I run a java application with the default Garbage Collector(G1GC). I don’t get when the G1CC exactly releases memory. in
htop I saw that
700M where used by the application. After I did
jcmd <pid> GC.run it dropped down to about
250M. Is this meant to be that the GC doesn’t do that by itself?
Resource efficiency is a major concern when it comes to optimizing the performance and scalability of an application. In the Java world, one aspect that usually dominates resource concerns is memory usage – more specifically, the size of the Java heap.
In contrast to .NET and the CLR, the JVM is known for the need to size the heap at startup time without any chance of space reclamation, which would make resources available to other processes. Does that still hold true today? Let’s find out.
The garbage collector is in charge of managing the heap and associated OS allocations. Since JDK 9, the G1 garbage collector has been the default GC. Generally speaking, the GC tries to avoid the deallocation of heap space (to give memory back to the OS) because that can lead to performance degradation if that very space is needed at a later point-in-time.
Heap shrinking depends on the collection cycle, which is comprised of the young-only and space reclamation phases.
The young-only phase happens if the associated eden space, where new objects are allocated initially, is exhausted. Reachable objects are evacuated (moved) to the survivor space. If the survivor space is exhausted, reachable objects are evacuated to another survivor space or the old generation (if objects are reachable or “survive” a given number of collections).
The space reclamation happens depending on the size of the old generation, controlled by the Initiating Heap Occupancy Percent (IHOP). The default (
-XX:InitiatingHeapOccupancyPercent) is 45 percent, but the IHOP is adjusted by the GC to optimize the collection interval (known as “Adaptive IHOP”). This phase also handles the young generation, therefore it’s called a “mixed collection”.
According to the G1 source in JDK 9, shrinking is only done after full collections (explicit collection or not) and only in case specific thresholds are met.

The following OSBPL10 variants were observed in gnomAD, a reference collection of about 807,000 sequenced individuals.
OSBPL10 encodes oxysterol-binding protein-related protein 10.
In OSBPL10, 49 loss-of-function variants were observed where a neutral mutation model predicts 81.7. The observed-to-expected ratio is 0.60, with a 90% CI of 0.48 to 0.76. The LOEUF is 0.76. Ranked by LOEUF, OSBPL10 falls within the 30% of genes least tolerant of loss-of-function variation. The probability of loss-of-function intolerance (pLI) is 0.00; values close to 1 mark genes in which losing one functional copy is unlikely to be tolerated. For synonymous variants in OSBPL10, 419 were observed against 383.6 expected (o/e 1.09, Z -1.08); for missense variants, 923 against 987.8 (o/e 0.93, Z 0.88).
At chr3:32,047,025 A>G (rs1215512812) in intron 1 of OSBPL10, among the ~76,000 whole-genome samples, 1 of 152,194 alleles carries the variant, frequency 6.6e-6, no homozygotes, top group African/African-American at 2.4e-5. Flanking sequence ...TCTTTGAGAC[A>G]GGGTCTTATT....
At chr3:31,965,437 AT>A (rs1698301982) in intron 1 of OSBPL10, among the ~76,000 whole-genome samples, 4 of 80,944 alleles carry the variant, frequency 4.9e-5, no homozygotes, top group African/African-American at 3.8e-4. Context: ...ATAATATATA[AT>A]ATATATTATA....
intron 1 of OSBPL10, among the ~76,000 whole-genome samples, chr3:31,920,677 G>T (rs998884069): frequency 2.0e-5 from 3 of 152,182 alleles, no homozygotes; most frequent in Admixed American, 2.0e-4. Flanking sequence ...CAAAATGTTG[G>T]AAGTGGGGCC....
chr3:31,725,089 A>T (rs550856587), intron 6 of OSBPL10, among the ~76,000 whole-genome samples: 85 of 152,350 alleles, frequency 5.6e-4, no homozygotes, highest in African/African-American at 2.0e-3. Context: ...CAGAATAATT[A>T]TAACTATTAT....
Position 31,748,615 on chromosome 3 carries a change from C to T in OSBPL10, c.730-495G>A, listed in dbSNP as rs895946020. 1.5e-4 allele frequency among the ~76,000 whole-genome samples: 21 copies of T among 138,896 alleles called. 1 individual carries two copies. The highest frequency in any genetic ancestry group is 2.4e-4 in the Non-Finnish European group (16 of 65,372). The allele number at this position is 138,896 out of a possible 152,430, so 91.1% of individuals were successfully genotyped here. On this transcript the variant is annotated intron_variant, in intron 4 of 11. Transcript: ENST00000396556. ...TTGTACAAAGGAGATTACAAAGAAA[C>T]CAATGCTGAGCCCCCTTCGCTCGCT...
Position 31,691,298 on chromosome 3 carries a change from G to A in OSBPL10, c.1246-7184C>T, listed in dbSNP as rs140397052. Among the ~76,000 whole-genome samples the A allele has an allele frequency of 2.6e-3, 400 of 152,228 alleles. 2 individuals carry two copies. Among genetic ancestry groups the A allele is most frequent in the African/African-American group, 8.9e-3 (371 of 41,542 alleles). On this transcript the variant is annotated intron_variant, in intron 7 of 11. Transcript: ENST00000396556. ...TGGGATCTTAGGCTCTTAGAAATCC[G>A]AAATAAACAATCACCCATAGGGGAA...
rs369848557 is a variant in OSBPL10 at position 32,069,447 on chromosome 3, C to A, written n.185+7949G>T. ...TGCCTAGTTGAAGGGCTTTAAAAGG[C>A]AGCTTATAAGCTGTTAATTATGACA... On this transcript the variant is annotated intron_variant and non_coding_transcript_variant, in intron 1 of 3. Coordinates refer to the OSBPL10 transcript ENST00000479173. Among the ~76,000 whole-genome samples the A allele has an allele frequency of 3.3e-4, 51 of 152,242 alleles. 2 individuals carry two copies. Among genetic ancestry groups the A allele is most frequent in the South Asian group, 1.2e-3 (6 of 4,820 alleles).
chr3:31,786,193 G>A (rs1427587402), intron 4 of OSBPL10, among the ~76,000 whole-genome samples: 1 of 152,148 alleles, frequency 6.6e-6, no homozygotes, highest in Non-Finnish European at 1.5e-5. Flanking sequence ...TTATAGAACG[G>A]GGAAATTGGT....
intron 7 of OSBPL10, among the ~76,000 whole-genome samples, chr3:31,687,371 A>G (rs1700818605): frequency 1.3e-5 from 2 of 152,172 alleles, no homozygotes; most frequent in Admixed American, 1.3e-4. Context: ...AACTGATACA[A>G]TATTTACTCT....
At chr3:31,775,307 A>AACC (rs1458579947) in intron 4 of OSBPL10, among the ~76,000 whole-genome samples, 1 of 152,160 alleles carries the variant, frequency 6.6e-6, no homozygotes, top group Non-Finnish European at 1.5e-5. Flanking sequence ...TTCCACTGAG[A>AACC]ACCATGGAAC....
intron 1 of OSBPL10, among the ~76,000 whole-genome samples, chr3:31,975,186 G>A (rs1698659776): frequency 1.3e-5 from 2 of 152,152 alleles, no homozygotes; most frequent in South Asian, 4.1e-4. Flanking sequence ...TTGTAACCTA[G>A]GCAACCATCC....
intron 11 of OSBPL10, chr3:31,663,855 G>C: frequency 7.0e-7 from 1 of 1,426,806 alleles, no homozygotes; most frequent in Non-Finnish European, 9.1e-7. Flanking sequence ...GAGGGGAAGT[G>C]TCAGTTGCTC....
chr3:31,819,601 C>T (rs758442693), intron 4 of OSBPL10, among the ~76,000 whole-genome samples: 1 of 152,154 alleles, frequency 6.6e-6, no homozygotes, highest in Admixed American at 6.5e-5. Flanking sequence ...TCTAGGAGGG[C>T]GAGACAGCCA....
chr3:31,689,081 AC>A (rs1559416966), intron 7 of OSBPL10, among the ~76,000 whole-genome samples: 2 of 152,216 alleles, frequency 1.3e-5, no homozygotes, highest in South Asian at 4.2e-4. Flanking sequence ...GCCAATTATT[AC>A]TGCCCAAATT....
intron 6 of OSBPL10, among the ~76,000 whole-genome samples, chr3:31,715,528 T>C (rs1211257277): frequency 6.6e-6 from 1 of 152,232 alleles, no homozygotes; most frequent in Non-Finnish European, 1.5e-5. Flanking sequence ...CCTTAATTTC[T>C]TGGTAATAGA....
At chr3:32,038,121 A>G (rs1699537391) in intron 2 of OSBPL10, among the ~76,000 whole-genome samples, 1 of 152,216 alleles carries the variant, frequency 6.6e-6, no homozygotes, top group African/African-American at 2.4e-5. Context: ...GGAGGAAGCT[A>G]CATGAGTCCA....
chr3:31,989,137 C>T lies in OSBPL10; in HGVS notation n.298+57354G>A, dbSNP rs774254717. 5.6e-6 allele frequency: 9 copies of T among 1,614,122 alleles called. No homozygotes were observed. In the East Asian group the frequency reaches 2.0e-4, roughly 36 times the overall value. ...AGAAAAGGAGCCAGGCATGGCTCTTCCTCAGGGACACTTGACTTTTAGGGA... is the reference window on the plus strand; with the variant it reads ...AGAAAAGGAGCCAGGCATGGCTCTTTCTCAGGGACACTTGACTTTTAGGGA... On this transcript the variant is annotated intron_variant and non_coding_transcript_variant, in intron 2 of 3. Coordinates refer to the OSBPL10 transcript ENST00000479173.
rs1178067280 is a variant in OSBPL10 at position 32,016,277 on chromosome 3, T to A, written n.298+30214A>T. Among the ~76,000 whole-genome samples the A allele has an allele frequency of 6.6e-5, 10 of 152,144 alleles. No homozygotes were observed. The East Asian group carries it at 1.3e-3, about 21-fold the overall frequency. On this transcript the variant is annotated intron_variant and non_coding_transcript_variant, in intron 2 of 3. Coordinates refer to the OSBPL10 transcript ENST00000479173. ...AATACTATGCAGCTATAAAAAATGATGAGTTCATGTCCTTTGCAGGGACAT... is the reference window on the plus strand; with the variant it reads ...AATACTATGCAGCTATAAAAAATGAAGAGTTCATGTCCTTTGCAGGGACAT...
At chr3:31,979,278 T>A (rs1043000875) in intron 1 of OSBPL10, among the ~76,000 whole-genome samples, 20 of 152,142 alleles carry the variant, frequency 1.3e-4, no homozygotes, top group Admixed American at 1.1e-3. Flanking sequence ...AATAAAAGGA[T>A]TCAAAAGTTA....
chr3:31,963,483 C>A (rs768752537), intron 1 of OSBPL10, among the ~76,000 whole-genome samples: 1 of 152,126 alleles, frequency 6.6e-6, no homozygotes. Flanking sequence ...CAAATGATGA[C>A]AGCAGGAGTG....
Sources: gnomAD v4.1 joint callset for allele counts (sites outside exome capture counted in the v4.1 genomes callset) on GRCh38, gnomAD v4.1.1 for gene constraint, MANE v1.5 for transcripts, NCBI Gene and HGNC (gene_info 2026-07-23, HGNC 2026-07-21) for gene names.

G1CollectedHeap::resize_if_necessary_after_full_collection, which handles the shrinking process and generates the following GC log output:
log_debug(gc, ergo, heap)( "Shrink the heap. requested shrinking amount: " SIZE_FORMAT "B aligned shrinking amount: " SIZE_FORMAT "B attempted shrinking amount: " SIZE_FORMAT "B", shrink_bytes, aligned_shrink_bytes, shrunk_bytes);
The G1 GC aims to
[…] provide the best balance between latency and throughput […]
G1 attempts to defer garbage collections for as long as possible and tries to avoid full garbage collections in general. For details, see Garbage Collection Cycle.
[…] if the application runs out of memory while gathering liveness information, G1 performs an in-place stop-the-world full heap compaction (Full GC) like other collectors […]
The collector only performs full collections in case of space exhaustion unless triggered manually (e.g. using
java.lang.System.gc()). That’s when heap shrinking can happen.
According to the G1 source in JDK 15, shinking is done for full collections as well as concurrent mark-and-sweep collections.
G1CollectedHeap::prepare_heap_for_mutators which in turn calls
G1CollectedHeap::resize_heap_if_necessary. The actual shrinking process and log message is identical to JDK 9. In contrast to JDK 9, JDK 12 and higher also performs shrinking during the so-called re-mark phase (
G1CollectedHeap::resize_heap_if_necessary), in the context of the normal collection cycle.
The change was introduced with 08041b0d7c08.
A straightforward means of monitoring is
-Xlog:gc=debug to see the log output mentioned above in case of shrinking.
So, despite popular belief, the JVM does return memory to the OS. Until JDK 11, heap shrinking was only triggered after full collections, given the change is significant enough to warrant that action without affecting performance. With JDK 12+ (checked until 15), heap shrinking is also triggered during the normal collection cycle, making it more likely for applications that typically do not involve full collections to see heap shrinkage.